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Ecology Definitions (Lectures 1 - 24)

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Western University
Biology 2483A
Hugh Henry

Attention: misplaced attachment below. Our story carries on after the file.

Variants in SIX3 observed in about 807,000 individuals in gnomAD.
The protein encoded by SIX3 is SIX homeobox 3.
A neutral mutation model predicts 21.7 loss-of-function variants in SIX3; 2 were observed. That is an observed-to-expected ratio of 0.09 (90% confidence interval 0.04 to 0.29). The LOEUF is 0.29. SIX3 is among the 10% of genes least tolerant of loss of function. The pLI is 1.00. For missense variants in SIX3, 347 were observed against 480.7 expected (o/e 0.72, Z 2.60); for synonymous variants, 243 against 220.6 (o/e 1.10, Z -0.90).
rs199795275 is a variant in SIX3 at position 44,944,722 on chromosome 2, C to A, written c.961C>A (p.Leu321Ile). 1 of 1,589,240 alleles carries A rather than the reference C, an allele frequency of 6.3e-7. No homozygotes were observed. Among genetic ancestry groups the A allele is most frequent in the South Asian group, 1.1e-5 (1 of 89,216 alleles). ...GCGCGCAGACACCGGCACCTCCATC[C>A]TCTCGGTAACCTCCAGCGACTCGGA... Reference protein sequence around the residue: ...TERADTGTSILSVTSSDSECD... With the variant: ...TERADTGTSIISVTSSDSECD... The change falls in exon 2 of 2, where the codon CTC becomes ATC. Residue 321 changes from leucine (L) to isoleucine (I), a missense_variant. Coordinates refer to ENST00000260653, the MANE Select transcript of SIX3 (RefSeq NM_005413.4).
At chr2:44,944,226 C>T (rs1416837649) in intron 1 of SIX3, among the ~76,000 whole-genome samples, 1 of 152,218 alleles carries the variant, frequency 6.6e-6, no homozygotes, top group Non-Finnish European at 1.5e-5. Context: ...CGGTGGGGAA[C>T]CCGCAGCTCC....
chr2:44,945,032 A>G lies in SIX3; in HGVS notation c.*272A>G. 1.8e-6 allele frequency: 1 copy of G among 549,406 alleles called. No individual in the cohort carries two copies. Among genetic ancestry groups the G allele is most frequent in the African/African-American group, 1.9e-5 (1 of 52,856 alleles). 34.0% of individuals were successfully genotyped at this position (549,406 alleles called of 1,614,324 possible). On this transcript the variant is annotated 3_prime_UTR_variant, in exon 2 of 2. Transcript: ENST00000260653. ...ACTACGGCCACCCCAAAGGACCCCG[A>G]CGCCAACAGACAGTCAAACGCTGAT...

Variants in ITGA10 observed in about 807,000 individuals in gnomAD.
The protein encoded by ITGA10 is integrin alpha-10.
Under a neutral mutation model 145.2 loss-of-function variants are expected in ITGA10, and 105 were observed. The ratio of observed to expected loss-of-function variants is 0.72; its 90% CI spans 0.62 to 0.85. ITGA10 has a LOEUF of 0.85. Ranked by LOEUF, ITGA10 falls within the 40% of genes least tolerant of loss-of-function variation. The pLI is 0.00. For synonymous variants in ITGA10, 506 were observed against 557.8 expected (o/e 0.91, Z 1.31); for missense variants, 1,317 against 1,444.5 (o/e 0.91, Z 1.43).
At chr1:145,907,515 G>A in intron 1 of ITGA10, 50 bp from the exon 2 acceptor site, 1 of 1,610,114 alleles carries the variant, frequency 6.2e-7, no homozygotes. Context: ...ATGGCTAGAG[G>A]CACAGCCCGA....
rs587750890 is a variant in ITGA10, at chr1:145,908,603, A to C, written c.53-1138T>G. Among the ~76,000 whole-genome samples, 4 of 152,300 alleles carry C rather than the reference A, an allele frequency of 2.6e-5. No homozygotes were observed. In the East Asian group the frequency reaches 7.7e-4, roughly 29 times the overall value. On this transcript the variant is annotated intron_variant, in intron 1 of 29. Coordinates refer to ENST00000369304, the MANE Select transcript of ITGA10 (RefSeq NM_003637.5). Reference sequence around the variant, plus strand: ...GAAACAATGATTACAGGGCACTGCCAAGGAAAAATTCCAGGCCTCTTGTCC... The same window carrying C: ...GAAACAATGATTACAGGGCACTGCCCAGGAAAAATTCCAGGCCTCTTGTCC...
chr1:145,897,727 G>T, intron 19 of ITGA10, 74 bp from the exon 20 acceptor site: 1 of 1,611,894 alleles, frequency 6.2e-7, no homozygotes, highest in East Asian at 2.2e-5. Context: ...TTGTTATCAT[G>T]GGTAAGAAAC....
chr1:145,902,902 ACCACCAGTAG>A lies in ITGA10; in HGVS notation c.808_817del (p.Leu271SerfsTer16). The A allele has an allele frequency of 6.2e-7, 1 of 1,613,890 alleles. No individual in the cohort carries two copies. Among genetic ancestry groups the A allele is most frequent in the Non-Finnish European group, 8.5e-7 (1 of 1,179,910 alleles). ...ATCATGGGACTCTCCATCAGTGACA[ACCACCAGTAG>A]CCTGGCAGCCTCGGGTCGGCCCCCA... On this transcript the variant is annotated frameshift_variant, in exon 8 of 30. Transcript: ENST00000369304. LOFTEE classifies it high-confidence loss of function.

ECOLOGY DEFINITIONS (LECTURES 1 – 24)  ABIOTIC – physical or non-living environment  ABSOLUTE POPULATION SIZE – the actual number of individuals in a population  ABUNDANCE – number of individuals in a species that are found in a given area  ACCLIMATIZATION – organism’s adjustment of its physiology, morphology, or behavior to lessen the effect of an environmental change and minimize the associated stress  ACIDITY – measure of ability of a solution to behave as an acid, compound that releases protons  ACID NEUTRALIZNG CAPACITY – ability of chemical environment to counteract acidity, usually associated with with concentrations of base cations, including Ca2+, Mg2+, and K+  ADAPTATION – physiological, morphological or behavioral trait with an underlying genetic basis that enhances the survival and reproduction of its bearers in their environment  ADAPTIVE EVOLUTION – process of evolutionary change in which traits that confer survival or reproductive advantages tend to increase in frequency in a population over time  ADAPTIVE RADIATION – event in which a group of organism gives rise to many new species that expand into new habitats or new ecological roles in a short time  AEROSOLS – solid or liquid particles suspended in the atmosphere  AGE STRUCTURE – proportion of the population in each age class  ALBEDO – amount of solar radiation reflected by a surface  ALKALINITY – measure of the ability of a solution to behave as a base, a compound that takes up protons  ALLEE EFFECT – decrease in the population growth rate as the population density decreases  ALLELE – one of two or more forms of a gene that result in the production of different versions of the protein that the gene encodes  ALLOCHTHONOUS – produced outside the ecosystem  ALLOMETRY – differential growth of body parts that results in a change of shape or proportion with size  ALPHA DIVERSITY – species diversity at local or community scale  ALTERNATION OF GENERATIONS – complex life cycle, in which there is both a multicellular diploid form, the sporophyte, and a multicellular haploid form, the gametophyte  ALTERNATIVE STABLE STATES – different community development scenarios that are possible at the same location under similar environmental conditions  ANISOGAMY – production of two types of gametes of different sizes  ANTHROPOGENIC – relating to or caused by humans and their activities  APOSEMATIC COLORATION – (warning coloration) bright coloration usually displayed by animal with effective chemical defenses  ARBUSCULAR MYCORRHIZAE – mycorrihizae in which the fungal partner grows into the soil, extending some distance away from the plant root, and also grows between some root cells while penetrating others  ASSIMILATION EFFICIENCY – proportion of ingested food that is assimilated by an organism  ATMOSPHERIC DEPOSITION – movement of particulate and dissolved matter from the atmosphere to Earth’s surface by gravity or precipitation  ATMOSPHERIC PRESSURE – pressure exerted on a surface due to the mass of the atmosphere above it  AUTOCHTHONOUS – produced within the ecosystem  AUTOTROPH – organism that converts energy from sunlight or from inorganic chemical compounds in the environment into chemical energy  AVOIDANCE – a response to stressful environmental conditions that lessens their effect through some behavior or physiological activity that minimizes an organism’s exposure to stress  BENTHIC ZONE – bottom of a body of water including the surface and shallow subsurface layers of sediment  BETA DIVERSITY – change in species number and composition, or turnover of species, as one moves from one community to another  BIOACCUMULATION – progressive increase in the concentration of a substance in an organism's body over its lifetime  BIODIVERSITY – diversity of important ecological entities that span multiple spatial scales, from genes to species to communities  BIOMAGNIFICATION – progressive increase in the tissue concentrations of a substance in animals at successively higher trophic levels that results as animals at each trophic level consume prey with higher concentrations of the substance due to bioaccumulation  BIOME – large-scale terrestrial biological community shaped by the regional climate, soil and disturbance patterns where it is found  BIOSPHERE – the highest level of biological organization, consisting of all living organisms on Earth + the environments in which they live  BIOTIC – living components of an environment  BIOTIC RESISTANCE – interactions of the native species in a community with non-native species that exclude or slow the growth of those non-native species  BOTTOM-UP CONTROL – limitation of abundance of population by nutrient supply or availability of food  BOUNDARY LAYER – zone close to a surface where a flow of fluid, usually air, encounters resistance and becomes turbulent  BUFFER ZONE – portion of nature reserve surrounding a core natural area where controls on land use are less stringent than in the core natural area, yet land uses are at least partially compatible with many species' resource requirements  C3 PHOTOSYNTHETIC PATHWAY – biochemical pathway involving the uptake of CO by th2 enzyme ribulose 1,5 bisphosphate carboxylase/oxygenase (rubisco) and synthesis of sugars by the Calvin cycle  C4 PHOTOSYNTHETIC PATHWAY – biochemical pathway involving the daytime uptake of CO by the2enzyme phosphoenol pyruvate carboxylase (PEPcase) in mesophyll cells; the carbon is then transferred as a four-carbon acid to the bundle sheath cells, where CO 2s released to the Calvin cycle for sugar synthesis  CALVIN CYCLE – biochemical pathway used by photosynthetic organisms to fix carbon and synthesize sugars  CARBON NEUTRAL – fuels that produce an amount of CO when2burned that is equal to or less than the amount taken up by the plants from which they are made  CARRYING CAPACITY – max population size that can be supported indefinitely by the environment (K in logistic equation)  CATCHMENT – area in a terrestrial ecosystem that is drained by a single stream; a common unit of study in terrestrial ecosystem studies; also called a watershed  CATION EXCHANGE CAPACITY – soil’s ability to hold nutrient cations such as Ca2+, K+, and Mg2+ and exchange them with the soil solution, determined by the clay content of the soil  CHEATER – in a mutualism, individuals that increase offspring production by overexploiting their mutualistic partner  CHARACTER DISPLACEMENT – process in which competition causes phenotypes of competing species to evolve to become more different over time, thereby causing species to become more different where they live together than where they live apart  CHEMICAL WEATHERING – chemical breakdown of soil minerals leading to the release of soluble forms of nutrients and other elements  CLAY – fine soil particles (<2 μm) that have a semicrystalline structure and weak negative charges on their surfaces that can hold onto cations and exchange them with the soil solution  CLIMATE – long-term description of weather, based on averages and variation measured over decades  CLIMATE CHANGE – directional change in climate over a period of three decades or longer  CLINE – pattern of gradual change in a characteristic of an organism over a geographic region  CLUMPED DISPERSION – dispersion pattern in which individuals are grouped together  COARSE-FILTER – of or referring to an approach to conservation biology that focuses on habitats, landscapes and ecosystems  COEVOLUTION – evolution of two interacting species, each in response to selection pressure imposed by the other  COHORT LIFE TABLE – life table in which the fate of a group of individuals born during the same time period (cohort) is followed from birth to death  COMMENSALISM – interaction between two species in which individuals of one species benefit while individuals of the other species do not benefit and are not harmed  COMMUNITY – group of interacting species that occur together at the same place and time  COMPENSATION – adaptive growth response of plants to herbivory in which removal of plant tissue stimulates the plant to produce new tissues  COMPETITION – interaction between individuals of two species in which each is harmed by their shared use of a resource that limits their ability to grow, survive or reproduce (-/- relationship)  COMPETITION COEFFICIENT – constant used in the Lotka-Volterra competition model to describe the extent to which an individual of one competing species decreases the per capita growth rate of the other species  COMPETITIVE EXCLUSION PRINCIPLE – two species that use a limiting resource in the same way cannot coexist  COMPETITVE NETWORKS – sets of competitive interactions involving multiple species in which every species negatively interacts with every other species thus promoting species coexistence  COMPETITIVE PLANTS – in Grime’s triangular model, plants that are superior competitors under conditions of low stress and low disturbance  COMPLEX LIFE CYCLE – at least two distinct stages that differ in their habitat, physiology or morphology  COMPLEMENTARITY HYPOTHESIS – hypothesis proposing that as the species richness of a community increases, there is a linear increase in the positive effects of those species on community function  CONDUCTION – transfer of heat through the exchange of kinetic energy between molecules due to temperature gradient  CONSUMER – organism that obtains its energy by eating other organisms  CONSUMPTION EFFICIENCY – proportion of the biomass available in an ecosystem that is ingested  CONTINENTAL CLIMATE – climate typical of terrestrial areas in the middle of large continental land masses at high latitudes, characterized by high variation in seasonal temperatures  CONTINENTAL DRIFT – slow movement of tectonic plates (sections of Earth’s crust) across Earth’s surface  CONTROLLED EXPERIMENT – standard scientific approach in which an experimental group (that has the factor being tested) is compared with a control group (that lacks the factor being tested)  CONVECTION – transfer of heat through exchange of air/water molecules as they move from one area to another  CONVERGENCE – evolution of similar growth forms among distantly related species in response to similar selection pressures  COOPERATIVE BREEDING – behavioral pattern in which young animals postpone breeding and instead help their parents raise offspring  CORE NATURAL AREA – portion of nature reserve where the conservation of biodiversity and ecological integrity takes precedence over other values or uses  CORIOLIS EFFECT – apparent deflection of air/water currents when viewed from a rotating reference such as Earth’s surface  CRASSULACEAN ACID METABOLISM (CAM) – photosynthetic pathway in which CO is fixed 2nd stored as an organic acid at night, and then released to the Calvin cycle during the day  CRYPSIS – defense against predators in which prey species have a shape or coloration that provides camouflage and allows them to avoid detection  DAMPED OSCILLATIONS – pattern of population fluctuations where the extent to which the population rises and falls in abundance gradually become smaller over time  DECOMPOSITION – physical/chemical breakdown of detritus by detritivores, leading to the release of nutrients as simple, soluble organic and inorganic compounds that can be taken up by other organisms  DELAYED DENSITY DEPENDENCE – delays in the effect of population density on population size that can contribute to population fluctuations  DEMOGRAPHIC STOCHASTICITY – chance events associated with whether individuals survive or reproduce  DENSITY-DEPENDENT – factor that causes birth rates, death rates, or dispersal rates to change as the density of the population changes  DENSITY-INDEPENDENT – factor whose effects on birth and death rates are independent of population density  DESERTIFICATION – degradation of formerly productive land in arid regions resulting in loss of plant cover and acceleration of soil erosion  DETRITUS – freshly dead or partially decomposed remains of organisms  DIRECT DEVELOPMENT – simple life cycle that goes directly from fertilized egg to juvenile without passing through a free-living larval stage  DIRECT INTERACTIONS – interactions between two species, including competition, exploitation, and positive interactions  DIRECTIONAL SELECTION – selection that favors individuals with one extreme of a heritable phenotypic trait  DISPERSAL – movement of organisms or propagules from their birthplace  DISPERSAL LIMITATION – situation in which a species’ limited capacity for dispersal prevents it from reaching areas of suitable habitat  DISRUPTIVE SELECTION – selection that favors individuals with a phenotype at either extreme over those with an intermediate phenotype  DISTRIBUTION – geographic area where individuals of a species are present  DISTURBANCE – abiotic event that kills/damages some individuals and creates opportunities for other individuals to grow/reproduce  DOMINANT SPECIES – species that has large, community-wide effects by virtue of its size or abundance, its strong competitive ability, or its provision of habitat or food for other species, also called a foundation species  DORMANCY – state in which little or no metabolic activity occurs  DOUBLING TIME (td) – number of years it takes a population to double in size  DRIVER AND PASSENGER HYPOTHESIS – hypothesis proposing that the strengths of the effects of species' ecological functions on their communities vary dramatically, such that "driver" species have a large effect on community function, while "passenger" species have a minimal effect  DYNAMIC EQUILIBRIUM MODEL – elaboration of intermediate disturbance hypothesis proposing that species diversity is maximized when the level of disturbance and the rate of competitive displacement are roughly equivalent  ECOLOGICAL FOOTPRINT – total area of productive ecosystems required to support a population  ECOLOGICAL NICHE – physical/biological conditions that a species needs to grow, survive and reproduce  ECOLOGY – scientific study of interactions between organisms and their environment  ECOSYSTEM – all organisms in a given area as well as the physical environment in which they live  ECOSYSTEM ENGINEER – species that influences its community by creating, modifying, or maintaining physical habitat for itself and other species  ECTOMYCORRHIZAE – mycorrhizae in which the fungal partner typically grows between plant root cells and forms a mantle around the exterior of the root  ECTOPARASITE – parasite that lives on the surface of another organism  ECOTYPE – population with adaptations to unique local environmental conditions  ECOTHERM – animal that regulates its body temperature primarily through energy exchange with its external environment  EDGE EFFECTS – abiotic and biotic changes that are associated with an abrupt habitat boundary such as that created by habitat fragmentation  EL NINO SOUTHERN OSCILLATION – oscillation of pressure cells and sea surface temperatures in the equatorial Pacific Ocean causing widespread climate variation and changes in upwelling currents  ENDOPARASITE – parasite that lives inside the body of its host organism  ENDOSPERM – nutrient-rich material in a seed that sustains the developing embryo and often the young seedling  ENDOTHERM – animal that regulates its body temperature primarily through internal metabolic heat generation  ENVIRONMENTAL STOCHASTICITY – erratic or unpredictable changes in the environment  EPILIMNION – warm surface layer of water in a lake, lying above the thermocline, that forms during the summer in some lakes of temperate and polar regions  EQUILIBRIUM THEORY OF ISLAND BIOGEOGRAPHY – theory proposing that the number of species on an island or in an island- like habitat results from a dynamic balance between immigration rates and extinction rates  EUTROPHIC – nutrient-rich, characterized by high primary production  EUTROPHICATION – change in the nutrient status of an ecosystem from nutrient-poor to nutrient-rich; such changes occur naturally in some lakes due to the accumulation of sediments, but they may also be caused by nutrient inputs that result from human activities  EVAPOTRANSPIRATION – sum of water loss through evaporation and transpiration  EVOLUTION – change in allele frequencies in a population over time; descent with modification, process by which organisms gradually accumulate differences from their ancestors  EXPLOITATION COMPETITION – interaction in which species compete indirectly through their mutual effects on the availability of a shared resource  EXPONENTIAL GROWTH – change in size of population of species with continuous reproduction by a constant proportion at each instant in time  EXPONENTIAL POPULATION GROWTH RATE (r) – constant proportion by which a population of a species with continuous reproduction changes in size at each instant in time; also called the intrinsic rate of increase  EXTINCTION VORTEX – pattern in which small population that drops below a certain size may decrease even further in size, perhaps spiraling toward extinction  FECUNDITY – average number of offspring produced by a female while she is of age x (denoted Fx in a life table)  FERRELL CELL – large-scale, three-dimensional pattern of atmospheric circulation in each hemisphere, located at mid-latitudes between the Hadley and polar cells  FINE-FILTER – approach to conservation biology that focuses on genes, populations, and species  FITNESS – genetic contribution of organism’s descendants to future generations  FIXATION – uptake of the gaseous form of a compound, including CO 2n photosynthesis and N2 in nitrogen fixation, by organisms for use in metabolic functions; with respect to the genetic composition of a population, an allele frequency of 100%  FLAGSHIP SPECIES – charismatic species that may emphasized in conservation efforts because it helps to garner public support for a conservation project  FOCAL SPECIES – one of a group of species selected as a priority for conservation efforts, chosen because its ecological requirements differ from those of other species in the group, thereby helping to ensure that as many different species as possible receive protection  FUNCTIONAL GROUP – subset of a community that includes species that function in similar ways, but do not necessarily use the same resources  GAMMA DIVERSITY – species diversity at the regional scale  GENE FLOW – transfer of alleles from one population to another via the movement of individuals or gametes  GENE-FOR-GENE INTERACTION – specific defensive response that makes particular plant genotypes resistant to particular parasite genotypes  GENET – genetic individual, resulting from a single fertilization event; in organisms that can reproduce asexually, a genet may consist of multiple, genetically identical parts, each of which has the potential to function as an independent physiological unit  GENETIC DRIFT – process in which chance events determine which alleles are passed from one generation to the next, thereby causing allele frequencies to fluctuate randomly over time; the effects of genetic drift are most pronounced in small populations  GENOTYPE – genetic makeup of an individual  GEOGRAPHIC RANGE – entire geographic region over which a species is found  GEOMETRIC GROWTH – change in the size of a population of a species with discrete reproduction by a constant proportion from one discrete time period to the next  GEOMETRIC POPULATION GROWTH RATE (λ) – constant proportion by which a population of a species with discrete reproduction changes in size from one discrete time period to the next; also called the finite rate of increase  GRAIN – size of the smallest homogeneous unit of study (such as a pixel in a digital image), which determines the resolution at which a landscape is observed; together with extent, grain characterizes the scale at which a landscape is studied  GRAVITATIONAL POTENTIAL – energy associated with gravity  GREENHOUSE EFFECT – warming of Earth by gases in the atmosphere that absorb and reradiate infrared energy emitted by Earth’s surface  GREENHOUSE GASES – atmospheric gases that absorb and reradiate the infrared radiation emitted by Earth's surface, including water vapor (H2O), carbon dioxide (C2 ), methane (CH4), and nitrous oxide2(N O)  GROSS PRIMARY PRODUCTION (GPP) – amount of energy that autotrophs capture by photosynthesis and chemosynthesis per unit time  GUILD – subset of a community that includes species that use the same resources, whether or not they are taxonomically related  HABITAT CORRIDOR – relatively narrow patch that connects blocks of habitat and often facilitates the movement of species between those blocks  HABITAT DEGRADATION – anthropogenic change that reduces the quality of habitat for many, but not all, species  HABITAT FRAGMENTATION – breaking up of once continuous habitat into a complex pattern of spatially isolated habitat patches amid a matrix of human-dominated landscape  HABITAT LOSS – complete conversion of an ecosystem to another use by human activities  HABITAT MUTUALISM – mutualism in which one partner provides the other with shelter, a place to live, or favorable habitat  HADLEY CELL – large-scale, three-dimensional pattern of atmospheric circulation in each hemisphere in which air is uplifted at the equator and subsides at about 30° N and S  HEAT CAPACITY – amount of energy required to raise the temperature of a substance  HETEROTROPH – organism that obtains energy by consuming energy-rich organic compounds from the other organisms  HIBERNATION – torpor lasting several weeks during the winter; a strategy that is possible only for